How and Why do Landscapes Change? (03:07)
The U.K. landscape is constantly evolving. Limestone cliffs in the Yorkshire Dales developed 300 million years ago. Coral fossils show the Malham Cove area lay under a shallow tropical sea near the equator and was part of Pangaea.
Glaciation Evidence (02:42)
A team of scientists uses a drone to explore Victoria Cave near Malham Cove. Hyena and rhinoceros fossils indicate a savanna landscape existed 120,000 years ago. Sediment analysis, 3-D imaging and carbon dating reveal ice sheets formed and scoured the landscape.
Ending Ice Age (02:51)
Smooth rocks indicate Malham Cove was once a waterfall formed by melting glaciers. People first appeared 15,000 years ago; by 10,000 years ago the landscape appeared as it does today. Geology, plate tectonics, and human activity have shaped the entire U.K.
Factors Shaping Landscapes: Geology and Tectonics (01:04)
Scotland's Ben Nevis is the highest mountain in the U.K. and contains sediments, lava, and pink granite. Rock types include igneous, sedimentary, and metamorphic.
Igneous Rock Formation (02:33)
Extrusive rocks formed by cooling lava include andesite, basalt, and pumice. Hear how hexagonal basalt columns formed at the Giant's Causeway. Granite tors, an example of intrusive igneous rock in Dartmoor, were created by underground lava.
Sedimentary Rock Formation (02:54)
England's limestone Jurassic Coast attracts fossil hunters. Compressed sediment is deposited by rivers, seas, or glaciers. View examples of clay, chalk, sandstone, and millstone grit. Sedimentary rock is characterized by visible layers that sometimes fold under pressure.
Metamorphic Rock Formation (01:55)
Tectonic plates collided 500 million years ago, pushing up sedimentary rock and forming Scotland's Caledonia Mountains. View examples of shale, slate, red brick and granite. U.K. architecture is affected by local geology.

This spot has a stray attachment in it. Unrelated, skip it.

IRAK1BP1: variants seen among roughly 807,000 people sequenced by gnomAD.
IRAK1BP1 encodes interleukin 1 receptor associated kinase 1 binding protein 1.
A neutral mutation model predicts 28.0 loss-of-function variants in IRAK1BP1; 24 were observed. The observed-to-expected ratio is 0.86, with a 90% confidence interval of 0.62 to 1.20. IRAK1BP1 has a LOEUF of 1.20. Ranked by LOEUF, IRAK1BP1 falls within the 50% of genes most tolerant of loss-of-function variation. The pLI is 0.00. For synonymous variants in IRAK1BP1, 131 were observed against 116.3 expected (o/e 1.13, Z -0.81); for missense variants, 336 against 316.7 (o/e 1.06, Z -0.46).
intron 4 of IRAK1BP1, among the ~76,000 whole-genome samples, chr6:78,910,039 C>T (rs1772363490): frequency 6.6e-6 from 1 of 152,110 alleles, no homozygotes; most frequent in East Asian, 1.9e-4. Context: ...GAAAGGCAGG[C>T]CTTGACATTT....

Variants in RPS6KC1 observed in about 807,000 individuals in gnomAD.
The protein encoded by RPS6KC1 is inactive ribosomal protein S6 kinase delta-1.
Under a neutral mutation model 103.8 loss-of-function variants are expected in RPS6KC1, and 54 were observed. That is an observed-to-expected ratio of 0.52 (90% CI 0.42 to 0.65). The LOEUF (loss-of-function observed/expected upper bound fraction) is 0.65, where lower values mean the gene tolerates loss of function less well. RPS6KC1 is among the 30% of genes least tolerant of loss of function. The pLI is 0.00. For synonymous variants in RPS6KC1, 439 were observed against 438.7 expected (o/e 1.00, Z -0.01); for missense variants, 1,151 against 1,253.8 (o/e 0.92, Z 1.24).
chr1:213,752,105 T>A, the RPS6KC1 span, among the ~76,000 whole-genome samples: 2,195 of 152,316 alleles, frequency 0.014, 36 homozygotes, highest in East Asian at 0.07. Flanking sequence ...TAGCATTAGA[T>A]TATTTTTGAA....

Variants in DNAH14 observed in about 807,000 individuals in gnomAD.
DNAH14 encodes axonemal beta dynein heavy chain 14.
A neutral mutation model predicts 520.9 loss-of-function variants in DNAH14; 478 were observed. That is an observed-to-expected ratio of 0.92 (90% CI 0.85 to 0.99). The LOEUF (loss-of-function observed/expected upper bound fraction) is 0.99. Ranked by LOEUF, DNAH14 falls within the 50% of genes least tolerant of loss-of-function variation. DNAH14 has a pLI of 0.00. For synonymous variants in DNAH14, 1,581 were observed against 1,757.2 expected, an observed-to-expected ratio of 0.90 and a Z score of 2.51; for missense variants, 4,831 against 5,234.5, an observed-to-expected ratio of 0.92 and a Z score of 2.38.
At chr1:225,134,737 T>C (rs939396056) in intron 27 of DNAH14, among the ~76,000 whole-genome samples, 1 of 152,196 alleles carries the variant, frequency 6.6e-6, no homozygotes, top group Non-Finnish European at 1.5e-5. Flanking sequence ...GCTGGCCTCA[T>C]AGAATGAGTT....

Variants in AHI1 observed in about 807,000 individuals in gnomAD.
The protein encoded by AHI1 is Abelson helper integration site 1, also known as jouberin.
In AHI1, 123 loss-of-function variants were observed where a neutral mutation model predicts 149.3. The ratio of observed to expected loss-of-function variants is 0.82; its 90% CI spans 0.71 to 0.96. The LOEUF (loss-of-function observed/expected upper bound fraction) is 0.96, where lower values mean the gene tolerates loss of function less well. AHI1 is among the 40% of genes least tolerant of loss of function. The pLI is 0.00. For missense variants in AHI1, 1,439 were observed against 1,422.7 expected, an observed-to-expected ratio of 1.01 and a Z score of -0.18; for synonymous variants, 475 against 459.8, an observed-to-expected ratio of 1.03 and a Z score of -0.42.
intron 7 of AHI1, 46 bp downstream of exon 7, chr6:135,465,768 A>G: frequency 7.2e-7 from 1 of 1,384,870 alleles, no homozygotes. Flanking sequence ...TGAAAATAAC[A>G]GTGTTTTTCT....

Tees-Exe Line (00:53)
A U.K. relief map shows the height of land above sea level. Upland areas are associated with older rocks like granite, limestone, and schist; lowland areas feature sedimentary rocks.
Factors Shaping Landscapes: Physical Processes (02:44)
Weathering can be biological, chemical or physical. Water has seeped into cracks, freezing and shattering rocks to create scree in upland areas. Glaciers once ground U-shaped river valleys and alluvial deposits made them fertile.
Overdeepening and Chemical Weathering (02:57)
Glaciers gouged the landscape as they flowed down from the Scottish Highlands, creating ribbon shaped lakes. In limestone areas, glaciation combined with physical processes to create limestone pavements. Rain carrying carbonic acid erodes the pavement that holds up Millstone grit boulders in some areas.
Factors Shaping Landscapes: Physical Processes - Lowlands (02:10)
The South Downs is an example of a scarp and vale landscape. Hear how sedimentary rock weathering and erosion has formed sloping hillsides and dry valleys.
Springs Formation (01:54)
In a scarp and vale landscape, impermeable clay forces water through porous chalk to the surface. Human settlements formed near water sources; building construction incorporated flint to strengthen chalk walls. Hedges mark property boundaries, rather than stone walls.
Credits: The UK’s Changing Landscapes (00:30)
Credits: The UK’s Changing Landscapes
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